(subject / verb / indirect object / direct object)

  • The teacher gave.

The verb ‘gave’ in the above example is a transitive verb that needs an object. In the second sentence, ‘The teacher gave’ sounds incomplete without the indirect object and the direct object.

Examples of Intransitive Verbs

Example 1:

  • The old man felt weak.

(subject / verb / complement)

The verb in the above sentence is ‘felt’, and it connects the subject to the complement and does not require an object.

Example 2:

  • The baby is sleeping.

(subject / verb)

The verb in the above sentence is ‘is sleeping’ and does not require an object to complete the sentence.

Identify Transitive Verbs and Intransitive Verbs

Identify the verbs in the following sentences and find out if they are transitive verbs or intransitive verbs.

1. Dave bought a new bicycle.

2. Firoz laughed so hard.

3. The children passed the books around.

4. I studied in California.

5. Can you bring me some mangoes?

6. Jack came home in the evening.

7. Eliza found the kittens in the corner of the street.

8. Roshan met his best friend at the park.

9. The car stopped suddenly, in the middle of the road.

10. Javed loved his new bike.

Let us check if you got your answers right.

1. Dave bought a new bicycle. – Transitive Verb

2. Firoz laughed so hard. – Intransitive Verb

3. The children passed the books around. – Transitive Verb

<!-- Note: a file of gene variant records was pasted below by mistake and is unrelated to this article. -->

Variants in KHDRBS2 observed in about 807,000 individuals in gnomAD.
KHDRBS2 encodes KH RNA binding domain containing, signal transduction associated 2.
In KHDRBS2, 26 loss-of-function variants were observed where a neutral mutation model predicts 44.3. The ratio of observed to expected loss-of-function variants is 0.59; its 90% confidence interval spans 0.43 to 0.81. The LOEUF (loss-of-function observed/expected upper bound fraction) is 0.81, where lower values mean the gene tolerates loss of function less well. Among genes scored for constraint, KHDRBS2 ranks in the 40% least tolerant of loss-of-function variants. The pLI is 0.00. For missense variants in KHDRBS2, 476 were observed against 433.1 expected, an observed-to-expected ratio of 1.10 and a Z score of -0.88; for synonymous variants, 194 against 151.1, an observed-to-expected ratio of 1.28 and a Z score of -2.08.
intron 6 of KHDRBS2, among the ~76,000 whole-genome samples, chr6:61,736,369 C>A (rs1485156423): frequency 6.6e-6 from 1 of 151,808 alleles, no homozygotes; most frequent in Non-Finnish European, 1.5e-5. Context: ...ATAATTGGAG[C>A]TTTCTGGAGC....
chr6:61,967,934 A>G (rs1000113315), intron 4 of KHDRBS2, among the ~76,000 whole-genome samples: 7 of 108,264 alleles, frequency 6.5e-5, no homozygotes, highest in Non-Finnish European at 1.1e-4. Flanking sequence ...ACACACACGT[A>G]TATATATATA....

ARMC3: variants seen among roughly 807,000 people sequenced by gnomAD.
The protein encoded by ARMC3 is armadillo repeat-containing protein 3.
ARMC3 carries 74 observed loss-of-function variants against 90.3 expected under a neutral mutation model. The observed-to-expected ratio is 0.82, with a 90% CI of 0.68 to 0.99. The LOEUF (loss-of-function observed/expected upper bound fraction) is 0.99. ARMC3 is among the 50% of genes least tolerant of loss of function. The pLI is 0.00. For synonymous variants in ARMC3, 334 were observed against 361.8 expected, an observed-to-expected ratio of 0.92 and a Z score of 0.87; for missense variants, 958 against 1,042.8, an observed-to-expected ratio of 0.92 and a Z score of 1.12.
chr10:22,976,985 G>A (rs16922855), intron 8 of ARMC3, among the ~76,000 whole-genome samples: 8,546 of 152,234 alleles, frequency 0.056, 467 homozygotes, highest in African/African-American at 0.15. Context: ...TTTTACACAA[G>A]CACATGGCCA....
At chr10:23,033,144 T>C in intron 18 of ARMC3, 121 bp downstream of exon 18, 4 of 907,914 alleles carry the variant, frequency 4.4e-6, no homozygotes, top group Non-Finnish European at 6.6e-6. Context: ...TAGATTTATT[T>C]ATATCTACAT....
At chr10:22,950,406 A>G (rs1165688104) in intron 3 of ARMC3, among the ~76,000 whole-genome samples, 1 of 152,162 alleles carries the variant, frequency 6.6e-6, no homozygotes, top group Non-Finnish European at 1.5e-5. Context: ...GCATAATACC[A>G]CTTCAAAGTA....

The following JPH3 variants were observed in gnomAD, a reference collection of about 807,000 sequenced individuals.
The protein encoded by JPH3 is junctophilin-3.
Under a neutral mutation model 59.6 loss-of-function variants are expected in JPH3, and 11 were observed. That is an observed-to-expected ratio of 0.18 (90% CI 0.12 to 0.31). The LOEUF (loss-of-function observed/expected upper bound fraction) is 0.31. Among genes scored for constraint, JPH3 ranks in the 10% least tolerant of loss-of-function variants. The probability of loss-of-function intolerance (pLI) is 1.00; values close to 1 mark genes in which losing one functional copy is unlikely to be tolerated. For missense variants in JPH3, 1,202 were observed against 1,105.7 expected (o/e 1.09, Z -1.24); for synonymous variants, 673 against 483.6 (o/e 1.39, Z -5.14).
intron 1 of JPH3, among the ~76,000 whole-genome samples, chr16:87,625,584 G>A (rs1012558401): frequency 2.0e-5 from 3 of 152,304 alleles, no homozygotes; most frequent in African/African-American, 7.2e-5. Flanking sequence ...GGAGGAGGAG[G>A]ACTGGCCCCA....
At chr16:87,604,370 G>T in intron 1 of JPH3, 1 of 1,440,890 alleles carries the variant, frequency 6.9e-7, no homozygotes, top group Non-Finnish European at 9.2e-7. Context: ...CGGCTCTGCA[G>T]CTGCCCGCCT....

4. I studied in California. – Intransitive Verb

5. Can you bring me some mangoes? – Transitive Verb

6. Jack came home in the evening. – Intransitive Verb

7. Eliza found the kittens in the corner of the street. – Transitive Verb

8. Roshan met his best friend at the park. – Transitive Verb

9. The car stopped suddenly, in the middle of the road. – Intransitive Verb

10. Javed loved his new bike. – Transitive Verb

Frequently Asked Questions on Transitive Verbs and Intransitive Verbs in English

What is a transitive verb?

A transitive verb is a type of verb that needs an object to make complete sense of the action being performed by the subject.

What is an intransitive verb?

An intransitive verb is a verb that does not necessarily require an object to make sense of the action being performed by the subject in a sentence or a context. However, there are some exceptional verbs that can perform the role of both a transitive verb and an intransitive verb.

What is the definition of a transitive verb?

According to the Cambridge Dictionary, a transitive verb is a verb “having or needing an object”. The Collins Dictionary defines a transitive verb as “a verb accompanied by a direct object and from which a passive can be formed, as ‘deny’, ‘rectify’, ‘elect’”. The Merriam-Webster Dictionary gives a similar definition. According to them, a transitive verb is “characterised by having or containing a direct object”.

What is the definition of an intransitive verb?

The Merriam-Webster Dictionary defines an intransitive verb as a verb that is “characterised by not having or containing a direct object”. According to the Cambridge Dictionary, an intransitive verb is a verb “having or needing no object”. “A verb that indicates a complete action without being accompanied by a direct object, as sit or lie, and, in English, that does not form a passive” is defined as an intransitive verb according to the Collins Dictionary.

What is the difference between a transitive verb and an intransitive verb?

The main difference between a transitive verb and an intransitive verb is that transitive verbs always require or demand an object to make complete sense, whereas intransitive verbs do not need any object to construct a complete sentence.

Leave a Comment

Your Mobile number and Email id will not be published. Required fields are marked *

*

*